Two distinct factions exist within the music reviewing fraternity: there are those quite prepared to give a record a flawless commendation and those who would never entertain such notions of perfection. I belong to the latter sect, believing that absolutely nothing merits a glittering array of 10 golden stars. Of course, it’s an entirely different proposition when dealing with a five-point scoring system – a full house tends to equate to a 9 on big brother’s more expressive scale – but, to this hack, a 10 is the equivalent of ringing the bar-room bell at the end of the night. Everyone should just give up and go home.
Thus far, nothing has persuaded me to reconsider this stance – that is until now. Because Thee Silver Mt Zion Memorial Orchestra & Tral-La-La Band’s [for the purpose of space saving, this mouthful of a moniker will be condensed to Silver Mt. Zion from here on in] 13 Blues For Thirteen Moons is, quite simply, one of the records of 2008, perhaps even the decade. Make no bones about it: this gargantuan beast of an album is the reason for those woofed-up, bass-bulging speakers sitting on your shelf. Christ, Efrim Menuck’s fifth full offering with Silver Mt. Zion may even be the reason for this and every other music site’s existence on the face of planet t’internet.
Excited yet? You really, really should be.
In keeping with the title’s theme, the record doesn’t actually begin until - surprise, surprise - track 13. Up to that point the airwaves are impeded by 12 untitled cuts consisting entirely of linear drone, ensuring baffled glances are flashed towards the CD player and those cowering neighbourhood mongrels are busy striking the record off their end of year hitlist. But this intro is mere scene setting, a build up to the enthralling, anger-driven pandemonium to come. And when it comes, by fuck does it come.
Opener ‘1,000,000 Died To Make This Sound’ begins with a harrowing vocal recital that sounds like it’s been whipped into an echoic frenzy from the bottom of a disused silo before spewing out a sludge of primal drums, savaging guitar and grating violins. Menuck’s off-kilter wails are extraordinary, shooting straight through this wild symphonic storm with untameable ferocity as he yelps “your band, your band is bland, your band is bland ambition” with pious intent. It's a statement that leaves no doubt; other acts are merely unseasoned, unpalatable aperitifs when compared against the fired up, char-grilled flavours of this Canadian banquet.
Production-wise there’s a feel of Liars’ Drum’s Not Dead to the blueprint of 13 Blues… but, whereas Andrew Angus’ mob of miscreants often descended into vicious swamps of uncoordinated feedback, the pairing of Howard Bilerman (former Arcade Fire sticksman) and Radwan Moumneh (the band’s live soundman) have engineered a more purposeful and coherent direction. By allowing the record to ascend as sharp slitting shots of instrumental chaos before retreating into barren atmospheric chasms, they’ve created a bubbling volcano of sound that leaves little clue as to when the next scorching eruption of molten post-rock will besiege eardrums.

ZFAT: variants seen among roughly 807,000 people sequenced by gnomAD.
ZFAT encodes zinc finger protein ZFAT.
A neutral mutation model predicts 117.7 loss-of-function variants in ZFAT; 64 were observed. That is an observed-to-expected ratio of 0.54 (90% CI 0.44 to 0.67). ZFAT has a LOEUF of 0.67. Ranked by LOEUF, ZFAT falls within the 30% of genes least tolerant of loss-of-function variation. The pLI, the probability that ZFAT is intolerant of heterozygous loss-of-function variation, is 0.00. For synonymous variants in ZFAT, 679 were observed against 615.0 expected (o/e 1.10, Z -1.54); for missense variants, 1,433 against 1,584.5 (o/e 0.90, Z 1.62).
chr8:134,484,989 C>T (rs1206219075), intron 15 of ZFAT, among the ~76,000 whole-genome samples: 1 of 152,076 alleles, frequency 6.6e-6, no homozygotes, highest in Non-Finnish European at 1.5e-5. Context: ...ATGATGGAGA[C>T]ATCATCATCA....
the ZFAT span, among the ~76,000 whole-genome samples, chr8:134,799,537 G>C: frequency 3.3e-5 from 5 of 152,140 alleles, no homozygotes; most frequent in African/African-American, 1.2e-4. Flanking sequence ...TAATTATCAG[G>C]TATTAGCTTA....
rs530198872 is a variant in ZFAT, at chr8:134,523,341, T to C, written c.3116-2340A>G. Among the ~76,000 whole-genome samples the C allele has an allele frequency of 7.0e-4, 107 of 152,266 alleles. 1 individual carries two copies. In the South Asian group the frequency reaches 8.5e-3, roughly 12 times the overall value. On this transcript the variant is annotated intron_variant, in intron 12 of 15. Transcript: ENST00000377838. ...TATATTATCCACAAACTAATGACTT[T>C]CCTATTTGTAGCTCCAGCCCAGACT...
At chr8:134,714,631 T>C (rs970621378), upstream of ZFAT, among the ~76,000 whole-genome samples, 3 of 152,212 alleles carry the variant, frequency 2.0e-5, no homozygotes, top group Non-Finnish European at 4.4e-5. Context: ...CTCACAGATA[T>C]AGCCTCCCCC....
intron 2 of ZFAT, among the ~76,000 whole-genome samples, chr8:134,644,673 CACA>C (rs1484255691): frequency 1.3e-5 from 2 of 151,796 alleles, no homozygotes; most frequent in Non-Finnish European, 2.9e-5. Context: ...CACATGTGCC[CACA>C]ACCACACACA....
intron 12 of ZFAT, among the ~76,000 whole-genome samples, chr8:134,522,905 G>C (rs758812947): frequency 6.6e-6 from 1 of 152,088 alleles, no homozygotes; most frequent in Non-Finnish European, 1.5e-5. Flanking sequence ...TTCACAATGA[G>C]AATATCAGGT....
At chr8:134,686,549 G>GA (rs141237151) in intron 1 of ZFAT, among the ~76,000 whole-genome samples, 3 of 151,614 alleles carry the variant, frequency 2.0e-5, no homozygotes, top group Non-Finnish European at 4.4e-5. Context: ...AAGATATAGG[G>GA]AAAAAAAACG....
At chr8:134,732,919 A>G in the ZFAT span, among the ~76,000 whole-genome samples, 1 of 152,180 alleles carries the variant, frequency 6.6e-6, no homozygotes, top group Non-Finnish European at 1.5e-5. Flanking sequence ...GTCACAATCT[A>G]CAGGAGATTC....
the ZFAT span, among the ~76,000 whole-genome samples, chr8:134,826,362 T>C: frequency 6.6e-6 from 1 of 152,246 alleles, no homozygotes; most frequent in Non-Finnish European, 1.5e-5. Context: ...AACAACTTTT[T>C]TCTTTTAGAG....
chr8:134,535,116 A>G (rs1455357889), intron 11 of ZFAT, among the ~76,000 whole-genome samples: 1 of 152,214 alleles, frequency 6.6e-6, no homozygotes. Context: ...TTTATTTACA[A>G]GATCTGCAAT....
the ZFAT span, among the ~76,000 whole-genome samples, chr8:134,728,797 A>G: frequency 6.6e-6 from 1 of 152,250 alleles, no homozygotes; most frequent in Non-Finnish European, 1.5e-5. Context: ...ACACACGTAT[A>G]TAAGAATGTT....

And in this lies the most enthralling aspect of 13 Blues… - the anticipation, the not knowing. Previous LPs like Horses In The Sky or He Has Left Us Alone... were at times bleak, barren deserts in which rumbling storms of sound could be heard building long before erupting in the eardrums. But 13 Blues… is a flash flood, an album that saturates the senses with a surge of acerbic, sledge-hammering riffs and drenching orchestration, leaving minds dumfounded and completely uncoordinated in the belly of this titanic aural siege.
The title track is exactly how the apocalypse should sound: a 16-minute shock of chaotic drumming and screaming vocals that explodes with venomous guitar tussles before subsiding into pleading reverb that’s finally dismissed by a swathe of unrelenting instrumentation. Less rabid pace-wise but equally as terrifying, ‘Black Waters Blowed/Engine Broke’ builds slowly into a peak of sniggering strings and discordant percussion until eventually relenting as an ale-swigging tankard that ends with Menuck howling, “We’re building trainwrecks in the setting sun”. He sounds like a rabid-eyed wolf pining to the moon.
Then, suddenly, all is calm. Album-closing opus ‘Blindblinblind leads you serenely to the afterlife, glowing with twinkling cello-plucks and enchanting, dew-soaked harmonies. Displaying all the hallmarks of a desolate punk masterpiece, the track finds Menuck’s pleading crows tinged with the teary eyed edge of Joe Strummer at his most reflective. Utterly magnificent to the point of astonishment, it’s an enveloping finale to an album that stretches beyond emotional boundaries and embeds itself within walls of the heart.
So here’s the stickler: 13 Blues… scores 10 in almost every sense, but to award such an accolade would imply this is a record never to be bettered. And, with a group of musicians as precociously talented as Efrim Menuck and his divine orchestra, it would take a brave man to make such a bold statement.
9Billy Hamilton's Score